Immigration reform and the DOMA decision

FLAG1June 26th was a momentous date for the gay and lesbian community all over the United States, with the Supreme Court shutting down the Defense of Marriage Act – but what are the consequences of that decision for citizens of the United States who are hoping to get green cards for partners who were born overseas?

The Chairman of the Judiciary Committee, Senator Patrick Leahy, has been a long-time supporter of equal rights in marriage, and has been under a considerable amount of pressure to put an amendment into the immigration bill that would ensure that the LBGT community had similar access to green cards, the New Yorker says.  However, around half of the “Gang of Eight” had threatened to withdraw support should such an amendment be added.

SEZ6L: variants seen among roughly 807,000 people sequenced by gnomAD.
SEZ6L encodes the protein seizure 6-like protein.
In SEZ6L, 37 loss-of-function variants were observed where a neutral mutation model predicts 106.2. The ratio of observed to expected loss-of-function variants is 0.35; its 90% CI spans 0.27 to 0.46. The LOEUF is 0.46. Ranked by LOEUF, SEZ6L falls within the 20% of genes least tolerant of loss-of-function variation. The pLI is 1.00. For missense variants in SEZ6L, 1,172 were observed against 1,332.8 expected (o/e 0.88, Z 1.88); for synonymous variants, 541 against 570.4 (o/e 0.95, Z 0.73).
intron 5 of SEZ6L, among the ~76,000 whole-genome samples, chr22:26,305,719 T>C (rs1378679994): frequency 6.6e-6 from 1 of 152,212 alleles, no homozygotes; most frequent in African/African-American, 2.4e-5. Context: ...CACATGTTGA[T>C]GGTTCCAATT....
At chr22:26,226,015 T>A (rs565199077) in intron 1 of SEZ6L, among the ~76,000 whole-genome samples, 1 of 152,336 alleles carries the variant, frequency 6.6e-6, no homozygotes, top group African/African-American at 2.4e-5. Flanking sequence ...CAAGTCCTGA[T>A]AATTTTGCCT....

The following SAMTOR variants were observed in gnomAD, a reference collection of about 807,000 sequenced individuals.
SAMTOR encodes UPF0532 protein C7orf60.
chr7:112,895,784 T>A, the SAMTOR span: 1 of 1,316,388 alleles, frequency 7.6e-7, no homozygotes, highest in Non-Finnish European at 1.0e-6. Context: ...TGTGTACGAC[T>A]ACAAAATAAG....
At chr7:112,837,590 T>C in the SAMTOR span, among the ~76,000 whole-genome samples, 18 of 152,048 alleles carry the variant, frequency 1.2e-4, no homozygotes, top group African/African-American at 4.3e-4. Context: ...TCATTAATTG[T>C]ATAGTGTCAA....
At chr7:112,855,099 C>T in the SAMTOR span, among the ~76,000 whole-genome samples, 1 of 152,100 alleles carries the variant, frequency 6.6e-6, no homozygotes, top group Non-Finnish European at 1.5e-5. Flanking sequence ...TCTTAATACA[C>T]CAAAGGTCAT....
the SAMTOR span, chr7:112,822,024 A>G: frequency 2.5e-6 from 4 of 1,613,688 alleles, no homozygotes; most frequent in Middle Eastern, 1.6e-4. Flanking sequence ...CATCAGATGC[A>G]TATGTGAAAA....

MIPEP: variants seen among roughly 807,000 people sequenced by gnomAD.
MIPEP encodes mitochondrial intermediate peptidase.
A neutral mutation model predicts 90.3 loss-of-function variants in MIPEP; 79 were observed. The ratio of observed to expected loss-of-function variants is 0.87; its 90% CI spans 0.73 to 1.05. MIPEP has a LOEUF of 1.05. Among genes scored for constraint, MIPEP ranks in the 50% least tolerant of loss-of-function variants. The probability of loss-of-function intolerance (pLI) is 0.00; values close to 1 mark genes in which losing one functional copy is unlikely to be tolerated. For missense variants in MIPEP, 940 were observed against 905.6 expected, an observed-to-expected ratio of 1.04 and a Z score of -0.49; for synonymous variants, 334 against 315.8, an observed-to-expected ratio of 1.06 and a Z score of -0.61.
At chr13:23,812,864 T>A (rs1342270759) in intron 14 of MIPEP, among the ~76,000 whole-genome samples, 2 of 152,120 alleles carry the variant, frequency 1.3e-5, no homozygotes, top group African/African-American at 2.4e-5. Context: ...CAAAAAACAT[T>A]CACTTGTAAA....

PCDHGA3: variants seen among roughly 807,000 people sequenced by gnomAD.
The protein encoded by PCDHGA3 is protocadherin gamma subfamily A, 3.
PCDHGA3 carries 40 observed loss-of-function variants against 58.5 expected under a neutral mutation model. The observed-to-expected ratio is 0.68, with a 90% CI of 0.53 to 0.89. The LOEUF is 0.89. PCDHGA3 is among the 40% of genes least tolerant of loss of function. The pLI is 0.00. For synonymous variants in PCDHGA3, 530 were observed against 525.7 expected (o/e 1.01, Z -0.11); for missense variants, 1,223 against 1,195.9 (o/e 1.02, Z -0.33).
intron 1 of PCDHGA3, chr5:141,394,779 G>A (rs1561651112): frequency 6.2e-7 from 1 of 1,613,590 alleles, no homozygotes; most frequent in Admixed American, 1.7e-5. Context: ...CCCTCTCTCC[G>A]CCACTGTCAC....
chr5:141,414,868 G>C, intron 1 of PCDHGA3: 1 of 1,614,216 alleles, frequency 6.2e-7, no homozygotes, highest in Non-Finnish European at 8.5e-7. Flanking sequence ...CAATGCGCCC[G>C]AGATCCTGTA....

Proponents of the amendment have been urging Leahy to hold off until after the Supreme Court had made their decision, rather than risk pitting two minority groups against one another in the fight for US immigration reform.  “If we do this right, we can portray this as not necessary,” Senator John McCain had pointed out.  “If the Supreme Court throws out DOMA, then those rights are gonna be there.”

The argument now seems to have been valid, with the Department of Homeland Security Secretary, Janet Napolitano, pledging in a statement made on June 26th that all married couples are to have equal rights in immigration reform following the strike down of DOMA.